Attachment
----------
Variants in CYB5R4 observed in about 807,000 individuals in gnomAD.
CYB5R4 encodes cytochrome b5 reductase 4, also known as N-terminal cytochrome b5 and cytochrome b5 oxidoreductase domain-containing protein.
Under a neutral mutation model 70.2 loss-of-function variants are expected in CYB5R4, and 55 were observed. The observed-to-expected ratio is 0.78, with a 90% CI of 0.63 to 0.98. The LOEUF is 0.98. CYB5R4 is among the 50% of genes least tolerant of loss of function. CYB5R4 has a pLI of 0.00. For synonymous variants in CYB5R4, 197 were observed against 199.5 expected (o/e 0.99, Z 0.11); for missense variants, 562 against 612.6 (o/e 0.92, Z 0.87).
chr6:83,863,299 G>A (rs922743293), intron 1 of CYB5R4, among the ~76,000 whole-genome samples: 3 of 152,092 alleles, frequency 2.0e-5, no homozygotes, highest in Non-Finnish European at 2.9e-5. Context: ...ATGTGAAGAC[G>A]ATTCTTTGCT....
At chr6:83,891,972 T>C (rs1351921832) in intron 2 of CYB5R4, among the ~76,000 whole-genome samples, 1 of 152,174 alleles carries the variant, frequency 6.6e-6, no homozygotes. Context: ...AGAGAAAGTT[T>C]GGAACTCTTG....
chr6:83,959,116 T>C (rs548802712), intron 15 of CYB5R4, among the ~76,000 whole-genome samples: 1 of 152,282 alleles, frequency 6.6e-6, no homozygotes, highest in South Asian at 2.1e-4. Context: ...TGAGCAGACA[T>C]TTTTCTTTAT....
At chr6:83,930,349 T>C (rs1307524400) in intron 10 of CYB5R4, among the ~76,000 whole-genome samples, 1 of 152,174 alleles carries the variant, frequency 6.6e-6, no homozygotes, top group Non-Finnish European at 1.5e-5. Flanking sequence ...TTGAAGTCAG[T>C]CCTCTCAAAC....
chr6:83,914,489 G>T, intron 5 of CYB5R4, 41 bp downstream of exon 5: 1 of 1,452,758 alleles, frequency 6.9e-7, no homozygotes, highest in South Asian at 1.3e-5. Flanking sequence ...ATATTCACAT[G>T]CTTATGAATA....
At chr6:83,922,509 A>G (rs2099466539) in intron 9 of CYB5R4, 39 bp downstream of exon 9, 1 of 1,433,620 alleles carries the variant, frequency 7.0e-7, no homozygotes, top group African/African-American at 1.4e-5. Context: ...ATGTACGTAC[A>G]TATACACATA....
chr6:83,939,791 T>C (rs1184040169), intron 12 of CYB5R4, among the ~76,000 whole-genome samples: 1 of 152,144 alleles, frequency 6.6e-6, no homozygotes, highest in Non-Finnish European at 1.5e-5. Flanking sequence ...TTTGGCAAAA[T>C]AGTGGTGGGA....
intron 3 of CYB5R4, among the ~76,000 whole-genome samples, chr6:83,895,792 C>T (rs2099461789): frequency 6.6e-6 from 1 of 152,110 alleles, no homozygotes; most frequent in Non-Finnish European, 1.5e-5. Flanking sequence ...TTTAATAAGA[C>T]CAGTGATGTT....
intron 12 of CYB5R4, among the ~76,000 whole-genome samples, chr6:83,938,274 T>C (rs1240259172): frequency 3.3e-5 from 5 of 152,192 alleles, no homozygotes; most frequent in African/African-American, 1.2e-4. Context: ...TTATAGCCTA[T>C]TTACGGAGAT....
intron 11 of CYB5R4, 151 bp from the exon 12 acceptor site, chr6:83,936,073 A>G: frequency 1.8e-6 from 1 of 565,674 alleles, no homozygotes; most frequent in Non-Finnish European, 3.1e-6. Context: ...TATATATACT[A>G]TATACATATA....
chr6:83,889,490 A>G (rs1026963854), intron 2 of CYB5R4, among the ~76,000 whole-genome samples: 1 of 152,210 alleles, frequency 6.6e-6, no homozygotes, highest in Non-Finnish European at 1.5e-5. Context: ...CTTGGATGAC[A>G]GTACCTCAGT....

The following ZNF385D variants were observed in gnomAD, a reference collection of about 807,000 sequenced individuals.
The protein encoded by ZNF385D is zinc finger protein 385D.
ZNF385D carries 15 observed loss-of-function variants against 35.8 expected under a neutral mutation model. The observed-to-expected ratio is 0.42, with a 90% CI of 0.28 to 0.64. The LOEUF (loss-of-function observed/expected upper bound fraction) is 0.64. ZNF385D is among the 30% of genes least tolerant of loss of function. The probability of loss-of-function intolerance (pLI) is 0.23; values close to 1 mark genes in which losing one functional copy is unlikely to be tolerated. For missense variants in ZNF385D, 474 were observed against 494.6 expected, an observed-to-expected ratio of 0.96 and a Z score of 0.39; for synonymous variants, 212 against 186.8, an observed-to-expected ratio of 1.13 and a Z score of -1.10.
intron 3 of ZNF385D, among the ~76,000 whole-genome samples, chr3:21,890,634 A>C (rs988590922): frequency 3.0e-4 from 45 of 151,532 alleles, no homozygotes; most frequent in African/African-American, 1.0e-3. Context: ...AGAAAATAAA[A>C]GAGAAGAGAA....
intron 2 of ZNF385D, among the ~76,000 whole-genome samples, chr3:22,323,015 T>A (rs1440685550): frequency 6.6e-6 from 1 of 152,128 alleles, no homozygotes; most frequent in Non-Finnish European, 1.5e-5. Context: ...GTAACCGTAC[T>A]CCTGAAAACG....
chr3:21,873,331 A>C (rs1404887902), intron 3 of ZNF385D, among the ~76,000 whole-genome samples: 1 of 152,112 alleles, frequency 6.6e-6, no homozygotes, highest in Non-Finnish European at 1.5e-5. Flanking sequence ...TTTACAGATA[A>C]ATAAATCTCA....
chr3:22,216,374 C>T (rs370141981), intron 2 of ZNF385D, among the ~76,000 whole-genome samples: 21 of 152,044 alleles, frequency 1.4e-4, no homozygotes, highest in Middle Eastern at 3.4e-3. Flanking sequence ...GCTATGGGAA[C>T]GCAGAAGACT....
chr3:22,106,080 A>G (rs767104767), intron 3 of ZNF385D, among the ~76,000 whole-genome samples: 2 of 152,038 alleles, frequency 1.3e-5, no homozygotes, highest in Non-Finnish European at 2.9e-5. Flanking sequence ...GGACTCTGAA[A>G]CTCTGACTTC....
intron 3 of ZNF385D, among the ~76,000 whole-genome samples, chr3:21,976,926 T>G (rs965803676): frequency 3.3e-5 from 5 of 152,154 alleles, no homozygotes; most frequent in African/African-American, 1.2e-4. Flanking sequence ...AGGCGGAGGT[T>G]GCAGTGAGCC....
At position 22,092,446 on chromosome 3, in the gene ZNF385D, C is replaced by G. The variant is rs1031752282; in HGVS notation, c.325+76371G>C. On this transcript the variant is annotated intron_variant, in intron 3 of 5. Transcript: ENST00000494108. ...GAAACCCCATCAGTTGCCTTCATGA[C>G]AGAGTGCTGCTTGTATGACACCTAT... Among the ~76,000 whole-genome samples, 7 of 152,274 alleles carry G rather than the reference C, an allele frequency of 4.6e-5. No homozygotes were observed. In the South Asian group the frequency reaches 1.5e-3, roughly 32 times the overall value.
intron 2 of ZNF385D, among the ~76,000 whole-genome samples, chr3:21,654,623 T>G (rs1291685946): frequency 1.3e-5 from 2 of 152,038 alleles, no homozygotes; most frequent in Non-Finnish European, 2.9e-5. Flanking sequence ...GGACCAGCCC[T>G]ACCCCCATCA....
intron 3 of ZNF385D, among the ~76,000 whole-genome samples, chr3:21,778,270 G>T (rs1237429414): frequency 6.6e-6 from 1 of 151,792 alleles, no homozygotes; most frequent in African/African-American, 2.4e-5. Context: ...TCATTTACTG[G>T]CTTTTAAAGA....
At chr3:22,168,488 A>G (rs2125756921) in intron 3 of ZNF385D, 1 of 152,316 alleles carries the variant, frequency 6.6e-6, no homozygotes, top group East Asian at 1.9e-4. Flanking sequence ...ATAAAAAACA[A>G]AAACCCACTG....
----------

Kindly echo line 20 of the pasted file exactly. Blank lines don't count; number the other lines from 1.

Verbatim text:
chr3:21,873,331 A>C (rs1404887902), intron 3 of ZNF385D, among the ~76,000 whole-genome samples: 1 of 152,112 alleles, frequency 6.6e-6, no homozygotes, highest in Non-Finnish European at 1.5e-5. Flanking sequence ...TTTACAGATA[A>C]ATAAATCTCA....